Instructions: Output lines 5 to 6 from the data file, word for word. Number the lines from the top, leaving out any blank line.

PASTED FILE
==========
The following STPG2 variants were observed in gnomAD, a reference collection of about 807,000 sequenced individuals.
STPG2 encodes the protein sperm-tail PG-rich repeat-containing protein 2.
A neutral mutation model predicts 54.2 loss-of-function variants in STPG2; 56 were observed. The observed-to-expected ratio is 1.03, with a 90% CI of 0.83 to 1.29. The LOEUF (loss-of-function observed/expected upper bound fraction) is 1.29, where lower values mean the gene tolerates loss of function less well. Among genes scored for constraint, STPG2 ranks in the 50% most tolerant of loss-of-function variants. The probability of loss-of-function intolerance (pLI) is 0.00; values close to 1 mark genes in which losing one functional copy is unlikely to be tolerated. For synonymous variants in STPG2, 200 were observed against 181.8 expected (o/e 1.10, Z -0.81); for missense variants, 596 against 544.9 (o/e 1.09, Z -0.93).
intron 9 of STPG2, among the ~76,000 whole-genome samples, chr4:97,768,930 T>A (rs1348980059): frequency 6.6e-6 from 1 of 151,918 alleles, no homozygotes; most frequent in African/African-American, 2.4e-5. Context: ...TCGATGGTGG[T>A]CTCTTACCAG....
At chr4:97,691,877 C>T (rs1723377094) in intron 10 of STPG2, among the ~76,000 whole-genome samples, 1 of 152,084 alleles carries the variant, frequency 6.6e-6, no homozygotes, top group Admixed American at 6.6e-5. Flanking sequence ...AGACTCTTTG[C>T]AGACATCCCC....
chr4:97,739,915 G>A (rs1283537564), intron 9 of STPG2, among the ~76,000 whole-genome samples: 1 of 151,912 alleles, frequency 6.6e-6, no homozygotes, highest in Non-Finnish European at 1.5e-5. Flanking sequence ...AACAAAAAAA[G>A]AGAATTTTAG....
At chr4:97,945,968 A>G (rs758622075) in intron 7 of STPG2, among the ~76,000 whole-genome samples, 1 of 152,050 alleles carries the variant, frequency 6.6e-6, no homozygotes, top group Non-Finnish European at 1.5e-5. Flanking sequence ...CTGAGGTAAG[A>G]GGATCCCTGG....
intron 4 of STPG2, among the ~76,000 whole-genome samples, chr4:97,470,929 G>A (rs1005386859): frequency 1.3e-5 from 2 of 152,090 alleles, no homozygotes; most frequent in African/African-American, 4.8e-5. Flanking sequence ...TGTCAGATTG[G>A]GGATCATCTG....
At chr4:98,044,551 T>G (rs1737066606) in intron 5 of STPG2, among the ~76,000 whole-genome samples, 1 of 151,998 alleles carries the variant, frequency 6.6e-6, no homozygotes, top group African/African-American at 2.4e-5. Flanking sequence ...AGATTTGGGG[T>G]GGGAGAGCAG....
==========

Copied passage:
At chr4:97,691,877 C>T (rs1723377094) in intron 10 of STPG2, among the ~76,000 whole-genome samples, 1 of 152,084 alleles carries the variant, frequency 6.6e-6, no homozygotes, top group Admixed American at 6.6e-5. Flanking sequence ...AGACTCTTTG[C>T]AGACATCCCC....
chr4:97,739,915 G>A (rs1283537564), intron 9 of STPG2, among the ~76,000 whole-genome samples: 1 of 151,912 alleles, frequency 6.6e-6, no homozygotes, highest in Non-Finnish European at 1.5e-5. Flanking sequence ...AACAAAAAAA[G>A]AGAATTTTAG....